Madison Moll

Shaken Faith

Officer - Madison Moll

Faith. To me, faith is believing in things that are not always visible. Today when we look around it’s easy to believe what we see. What we see is hate, arguing and a lack of humanity. When we see these things, we can’t deny the fact that they are there, but we have to ask ourselves about all the good that we can’t see.

 

Toward the end of July, our state officer team joined our peers from across the nation online for the Virtual State Officer Summit. In four days, we were able to connect with and develop friendships with other state officers from all across the United States. 

 

On the third day of my small group, we had an especially impactful conversation. We discussed the idea of looking past stereotypes and preconceived notions of those we meet and really getting to know people for who they are. We talked about how the majority of the time we decide to make our judgments of others based on what we don’t have in common rather than everything we do have in common. It is human nature to look at those around us and come up with judgments and assumptions, but we decide what to do with those judgments. Are we going to use them to assume we know all we need to about the other person, or will we disregard them and decide to actually get to know the person? You see, any time we meet someone we perceive as different than ourselves we have that choice. We have the chance to not succumb to our judgments, assumptions or stereotypes and find a way to connect with that person. Imagine if all those arguing in the world found just one thing they have in common. Maybe the picture in front of us would look a little bit different right now.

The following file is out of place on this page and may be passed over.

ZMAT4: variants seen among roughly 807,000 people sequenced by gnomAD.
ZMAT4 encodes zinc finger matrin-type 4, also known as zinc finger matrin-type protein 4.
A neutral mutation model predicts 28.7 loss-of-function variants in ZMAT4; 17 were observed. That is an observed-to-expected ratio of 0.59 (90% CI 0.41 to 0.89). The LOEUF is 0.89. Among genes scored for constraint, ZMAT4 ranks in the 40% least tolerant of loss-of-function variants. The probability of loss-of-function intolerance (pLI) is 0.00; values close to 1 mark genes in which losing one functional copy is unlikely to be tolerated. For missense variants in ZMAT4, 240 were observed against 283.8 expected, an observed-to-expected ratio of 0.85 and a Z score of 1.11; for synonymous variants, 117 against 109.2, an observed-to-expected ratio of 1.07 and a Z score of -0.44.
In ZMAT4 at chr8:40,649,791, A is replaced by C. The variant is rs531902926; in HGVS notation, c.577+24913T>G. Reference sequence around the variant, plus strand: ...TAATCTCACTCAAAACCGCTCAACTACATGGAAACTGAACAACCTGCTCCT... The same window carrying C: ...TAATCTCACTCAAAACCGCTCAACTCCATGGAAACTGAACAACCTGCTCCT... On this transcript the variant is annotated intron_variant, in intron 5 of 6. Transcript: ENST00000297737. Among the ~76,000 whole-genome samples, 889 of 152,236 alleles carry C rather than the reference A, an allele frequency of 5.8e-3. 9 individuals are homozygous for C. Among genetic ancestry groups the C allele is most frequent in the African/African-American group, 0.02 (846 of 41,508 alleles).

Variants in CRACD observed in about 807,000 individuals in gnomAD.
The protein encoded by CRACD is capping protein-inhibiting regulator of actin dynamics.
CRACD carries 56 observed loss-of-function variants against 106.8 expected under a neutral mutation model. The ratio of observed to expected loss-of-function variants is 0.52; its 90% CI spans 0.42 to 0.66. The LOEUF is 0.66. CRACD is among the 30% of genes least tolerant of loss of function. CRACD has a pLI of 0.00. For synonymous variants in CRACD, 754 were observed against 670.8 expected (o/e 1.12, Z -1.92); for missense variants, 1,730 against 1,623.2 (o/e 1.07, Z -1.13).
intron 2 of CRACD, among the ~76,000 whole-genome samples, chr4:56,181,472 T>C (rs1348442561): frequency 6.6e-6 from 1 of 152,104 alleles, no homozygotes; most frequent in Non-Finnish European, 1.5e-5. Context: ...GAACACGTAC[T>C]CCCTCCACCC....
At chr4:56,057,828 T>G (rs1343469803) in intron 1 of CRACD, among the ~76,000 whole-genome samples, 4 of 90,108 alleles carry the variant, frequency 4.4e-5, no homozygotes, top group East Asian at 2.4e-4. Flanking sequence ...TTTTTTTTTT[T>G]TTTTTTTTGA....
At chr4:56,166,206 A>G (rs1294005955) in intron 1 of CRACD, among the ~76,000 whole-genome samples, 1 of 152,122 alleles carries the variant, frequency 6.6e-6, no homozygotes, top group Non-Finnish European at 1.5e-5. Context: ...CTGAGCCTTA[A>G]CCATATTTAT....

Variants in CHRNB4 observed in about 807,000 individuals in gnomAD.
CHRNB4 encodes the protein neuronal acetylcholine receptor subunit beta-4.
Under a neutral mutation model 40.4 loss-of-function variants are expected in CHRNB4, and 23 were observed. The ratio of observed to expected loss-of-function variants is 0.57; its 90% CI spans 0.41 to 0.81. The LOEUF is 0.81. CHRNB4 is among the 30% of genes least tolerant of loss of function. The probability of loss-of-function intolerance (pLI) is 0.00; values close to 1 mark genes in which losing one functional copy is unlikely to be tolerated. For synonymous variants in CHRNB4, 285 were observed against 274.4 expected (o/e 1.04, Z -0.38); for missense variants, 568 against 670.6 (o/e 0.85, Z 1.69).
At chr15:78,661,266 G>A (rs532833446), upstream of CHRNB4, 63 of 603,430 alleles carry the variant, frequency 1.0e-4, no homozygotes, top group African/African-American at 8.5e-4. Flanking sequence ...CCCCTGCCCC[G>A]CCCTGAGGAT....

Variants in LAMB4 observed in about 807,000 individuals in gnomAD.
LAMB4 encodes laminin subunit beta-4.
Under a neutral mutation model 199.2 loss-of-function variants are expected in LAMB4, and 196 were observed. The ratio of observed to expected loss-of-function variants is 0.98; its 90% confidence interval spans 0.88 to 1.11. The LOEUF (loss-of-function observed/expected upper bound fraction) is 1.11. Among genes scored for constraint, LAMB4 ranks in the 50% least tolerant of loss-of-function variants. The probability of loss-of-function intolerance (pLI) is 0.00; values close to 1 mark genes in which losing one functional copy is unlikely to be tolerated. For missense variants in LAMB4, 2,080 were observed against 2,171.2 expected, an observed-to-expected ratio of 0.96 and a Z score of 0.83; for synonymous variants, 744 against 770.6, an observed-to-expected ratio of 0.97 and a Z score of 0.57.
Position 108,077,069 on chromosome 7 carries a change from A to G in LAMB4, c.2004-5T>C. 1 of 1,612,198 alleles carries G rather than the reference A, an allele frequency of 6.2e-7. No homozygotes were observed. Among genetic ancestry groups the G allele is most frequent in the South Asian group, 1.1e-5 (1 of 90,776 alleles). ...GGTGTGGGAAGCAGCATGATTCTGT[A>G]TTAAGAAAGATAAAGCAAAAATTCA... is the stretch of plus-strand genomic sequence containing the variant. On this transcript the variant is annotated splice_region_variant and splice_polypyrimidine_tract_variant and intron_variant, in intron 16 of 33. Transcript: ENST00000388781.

At some point in your lives, your faith will be shaken — whether that is the faith we have in ourselves, in the good Lord, or in our fellow human beings. What matters is that we don’t just look at what is put in front of us. I was lucky enough to be shown directly in my small group just how many people still believe finding commonalities is more important than finding differences. I was shown that even with all the arguing and disagreements going on today, there are still so many who see that that is not the way to go. They reminded me that no matter how much hate we are shown in the world, there will always be more good. These days we need just that. We need to show people just how much good we have in our world. We need to always find things we have in common with those we meet while paying no mind to the differences. I challenge you to do these things not just throughout the year, but throughout your lives, and to always keep your faith even when it becomes shaken.

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